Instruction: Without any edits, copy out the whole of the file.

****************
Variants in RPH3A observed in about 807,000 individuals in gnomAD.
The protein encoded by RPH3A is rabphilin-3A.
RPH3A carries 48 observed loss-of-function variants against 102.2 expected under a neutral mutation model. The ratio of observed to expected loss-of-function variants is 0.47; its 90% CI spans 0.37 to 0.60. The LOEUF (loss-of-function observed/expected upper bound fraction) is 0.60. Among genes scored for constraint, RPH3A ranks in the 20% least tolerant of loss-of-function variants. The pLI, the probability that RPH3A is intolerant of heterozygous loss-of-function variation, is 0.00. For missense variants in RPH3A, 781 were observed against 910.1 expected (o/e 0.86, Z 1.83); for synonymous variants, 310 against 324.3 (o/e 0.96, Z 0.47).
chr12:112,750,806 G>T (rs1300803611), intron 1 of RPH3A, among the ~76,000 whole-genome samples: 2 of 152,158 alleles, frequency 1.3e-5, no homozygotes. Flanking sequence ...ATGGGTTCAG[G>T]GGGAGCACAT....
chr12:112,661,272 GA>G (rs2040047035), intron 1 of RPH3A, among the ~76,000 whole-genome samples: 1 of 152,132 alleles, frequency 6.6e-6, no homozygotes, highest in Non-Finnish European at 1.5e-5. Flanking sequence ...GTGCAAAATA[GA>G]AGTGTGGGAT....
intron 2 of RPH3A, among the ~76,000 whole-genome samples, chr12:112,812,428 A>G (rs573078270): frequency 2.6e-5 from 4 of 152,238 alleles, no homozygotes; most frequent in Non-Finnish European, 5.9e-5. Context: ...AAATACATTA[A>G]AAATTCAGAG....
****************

Variants in RPH3A observed in about 807,000 individuals in gnomAD.
The protein encoded by RPH3A is rabphilin-3A.
RPH3A carries 48 observed loss-of-function variants against 102.2 expected under a neutral mutation model. The ratio of observed to expected loss-of-function variants is 0.47; its 90% CI spans 0.37 to 0.60. The LOEUF (loss-of-function observed/expected upper bound fraction) is 0.60. Among genes scored for constraint, RPH3A ranks in the 20% least tolerant of loss-of-function variants. The pLI, the probability that RPH3A is intolerant of heterozygous loss-of-function variation, is 0.00. For missense variants in RPH3A, 781 were observed against 910.1 expected (o/e 0.86, Z 1.83); for synonymous variants, 310 against 324.3 (o/e 0.96, Z 0.47).
chr12:112,750,806 G>T (rs1300803611), intron 1 of RPH3A, among the ~76,000 whole-genome samples: 2 of 152,158 alleles, frequency 1.3e-5, no homozygotes. Flanking sequence ...ATGGGTTCAG[G>T]GGGAGCACAT....
chr12:112,661,272 GA>G (rs2040047035), intron 1 of RPH3A, among the ~76,000 whole-genome samples: 1 of 152,132 alleles, frequency 6.6e-6, no homozygotes, highest in Non-Finnish European at 1.5e-5. Flanking sequence ...GTGCAAAATA[GA>G]AGTGTGGGAT....
intron 2 of RPH3A, among the ~76,000 whole-genome samples, chr12:112,812,428 A>G (rs573078270): frequency 2.6e-5 from 4 of 152,238 alleles, no homozygotes; most frequent in Non-Finnish European, 5.9e-5. Context: ...AAATACATTA[A>G]AAATTCAGAG....